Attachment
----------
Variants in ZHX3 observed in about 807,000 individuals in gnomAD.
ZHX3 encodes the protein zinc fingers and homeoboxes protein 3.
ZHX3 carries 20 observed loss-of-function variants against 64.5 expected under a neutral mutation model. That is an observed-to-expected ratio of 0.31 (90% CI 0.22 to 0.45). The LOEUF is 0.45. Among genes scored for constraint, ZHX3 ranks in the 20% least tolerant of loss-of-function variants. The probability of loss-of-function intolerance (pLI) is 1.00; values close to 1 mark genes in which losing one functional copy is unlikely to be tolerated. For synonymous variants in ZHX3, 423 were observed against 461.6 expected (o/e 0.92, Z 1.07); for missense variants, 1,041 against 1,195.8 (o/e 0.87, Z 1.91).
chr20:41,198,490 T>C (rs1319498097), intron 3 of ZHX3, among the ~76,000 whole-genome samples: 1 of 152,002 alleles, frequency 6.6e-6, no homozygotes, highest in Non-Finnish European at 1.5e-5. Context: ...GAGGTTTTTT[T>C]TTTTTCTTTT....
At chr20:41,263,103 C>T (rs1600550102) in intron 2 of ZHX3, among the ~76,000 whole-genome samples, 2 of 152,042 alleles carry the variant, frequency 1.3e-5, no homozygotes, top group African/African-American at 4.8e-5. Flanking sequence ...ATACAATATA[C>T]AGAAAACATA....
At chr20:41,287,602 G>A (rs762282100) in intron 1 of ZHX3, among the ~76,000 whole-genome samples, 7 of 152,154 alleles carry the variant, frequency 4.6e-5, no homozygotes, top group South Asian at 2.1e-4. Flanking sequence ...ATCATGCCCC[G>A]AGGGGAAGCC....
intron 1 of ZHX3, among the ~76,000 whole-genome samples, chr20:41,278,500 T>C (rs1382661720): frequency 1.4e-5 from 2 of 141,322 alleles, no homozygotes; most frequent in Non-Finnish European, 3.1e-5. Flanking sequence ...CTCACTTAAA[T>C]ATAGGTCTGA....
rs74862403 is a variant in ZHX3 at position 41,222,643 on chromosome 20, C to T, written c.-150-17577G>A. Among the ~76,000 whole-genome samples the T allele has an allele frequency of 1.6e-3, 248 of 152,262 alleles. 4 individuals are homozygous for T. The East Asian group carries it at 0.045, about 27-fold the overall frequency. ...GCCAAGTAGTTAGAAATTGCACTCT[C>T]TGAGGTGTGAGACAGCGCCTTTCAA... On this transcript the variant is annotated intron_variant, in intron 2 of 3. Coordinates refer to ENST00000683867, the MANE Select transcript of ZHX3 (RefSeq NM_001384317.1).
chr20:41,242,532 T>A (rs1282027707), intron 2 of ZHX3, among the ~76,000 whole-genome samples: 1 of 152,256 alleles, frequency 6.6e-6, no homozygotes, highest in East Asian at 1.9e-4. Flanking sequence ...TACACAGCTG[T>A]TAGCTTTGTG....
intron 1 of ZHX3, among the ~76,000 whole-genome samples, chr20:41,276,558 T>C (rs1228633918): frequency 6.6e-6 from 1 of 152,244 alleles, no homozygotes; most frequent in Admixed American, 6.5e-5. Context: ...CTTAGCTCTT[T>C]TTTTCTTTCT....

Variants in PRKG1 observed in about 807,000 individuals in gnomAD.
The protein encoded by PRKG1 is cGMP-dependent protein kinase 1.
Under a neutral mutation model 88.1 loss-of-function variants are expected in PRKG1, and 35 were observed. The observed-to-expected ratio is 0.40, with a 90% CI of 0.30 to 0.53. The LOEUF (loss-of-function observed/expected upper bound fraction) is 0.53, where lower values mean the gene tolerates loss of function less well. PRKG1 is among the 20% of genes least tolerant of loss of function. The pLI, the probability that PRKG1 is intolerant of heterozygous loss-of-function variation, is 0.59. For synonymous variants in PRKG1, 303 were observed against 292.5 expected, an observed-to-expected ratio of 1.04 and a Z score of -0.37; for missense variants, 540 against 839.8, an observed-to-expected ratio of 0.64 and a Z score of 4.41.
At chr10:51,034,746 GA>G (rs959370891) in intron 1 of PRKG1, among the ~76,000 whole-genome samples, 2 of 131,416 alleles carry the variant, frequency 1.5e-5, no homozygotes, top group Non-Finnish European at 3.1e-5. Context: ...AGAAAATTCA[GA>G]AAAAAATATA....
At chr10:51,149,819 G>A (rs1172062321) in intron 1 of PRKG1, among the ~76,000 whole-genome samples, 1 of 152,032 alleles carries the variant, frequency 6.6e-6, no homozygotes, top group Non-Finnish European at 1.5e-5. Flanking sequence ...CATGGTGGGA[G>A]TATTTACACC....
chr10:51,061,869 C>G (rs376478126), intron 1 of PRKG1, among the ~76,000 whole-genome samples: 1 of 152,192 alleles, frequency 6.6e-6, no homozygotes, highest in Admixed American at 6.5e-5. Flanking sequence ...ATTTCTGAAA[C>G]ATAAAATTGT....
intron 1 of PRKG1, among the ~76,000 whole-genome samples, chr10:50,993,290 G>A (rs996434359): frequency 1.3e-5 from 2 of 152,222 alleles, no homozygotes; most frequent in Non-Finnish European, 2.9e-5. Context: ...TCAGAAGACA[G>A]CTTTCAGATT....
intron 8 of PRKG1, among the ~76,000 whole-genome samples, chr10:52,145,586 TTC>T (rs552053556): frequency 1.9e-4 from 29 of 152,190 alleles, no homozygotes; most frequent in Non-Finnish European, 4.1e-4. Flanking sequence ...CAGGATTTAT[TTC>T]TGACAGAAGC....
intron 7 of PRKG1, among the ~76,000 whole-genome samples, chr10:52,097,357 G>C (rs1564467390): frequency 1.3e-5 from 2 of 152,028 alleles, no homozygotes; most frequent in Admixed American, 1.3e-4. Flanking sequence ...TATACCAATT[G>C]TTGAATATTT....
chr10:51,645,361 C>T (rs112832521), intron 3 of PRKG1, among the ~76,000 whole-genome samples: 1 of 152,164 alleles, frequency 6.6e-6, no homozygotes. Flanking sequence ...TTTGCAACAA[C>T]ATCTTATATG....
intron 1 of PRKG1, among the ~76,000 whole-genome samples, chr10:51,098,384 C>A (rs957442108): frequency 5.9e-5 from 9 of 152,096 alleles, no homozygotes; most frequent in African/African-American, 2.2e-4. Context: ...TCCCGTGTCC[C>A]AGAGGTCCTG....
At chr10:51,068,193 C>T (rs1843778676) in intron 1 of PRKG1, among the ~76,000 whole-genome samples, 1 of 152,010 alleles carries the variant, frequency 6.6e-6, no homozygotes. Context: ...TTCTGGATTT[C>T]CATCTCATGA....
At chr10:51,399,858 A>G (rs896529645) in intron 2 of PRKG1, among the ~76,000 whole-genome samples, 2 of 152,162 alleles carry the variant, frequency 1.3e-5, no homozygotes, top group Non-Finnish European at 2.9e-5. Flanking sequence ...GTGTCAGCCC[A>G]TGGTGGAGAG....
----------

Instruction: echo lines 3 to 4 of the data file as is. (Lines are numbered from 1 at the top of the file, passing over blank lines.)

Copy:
ZHX3 carries 20 observed loss-of-function variants against 64.5 expected under a neutral mutation model. That is an observed-to-expected ratio of 0.31 (90% CI 0.22 to 0.45). The LOEUF is 0.45. Among genes scored for constraint, ZHX3 ranks in the 20% least tolerant of loss-of-function variants. The probability of loss-of-function intolerance (pLI) is 1.00; values close to 1 mark genes in which losing one functional copy is unlikely to be tolerated. For synonymous variants in ZHX3, 423 were observed against 461.6 expected (o/e 0.92, Z 1.07); for missense variants, 1,041 against 1,195.8 (o/e 0.87, Z 1.91).
chr20:41,198,490 T>C (rs1319498097), intron 3 of ZHX3, among the ~76,000 whole-genome samples: 1 of 152,002 alleles, frequency 6.6e-6, no homozygotes, highest in Non-Finnish European at 1.5e-5. Context: ...GAGGTTTTTT[T>C]TTTTTCTTTT....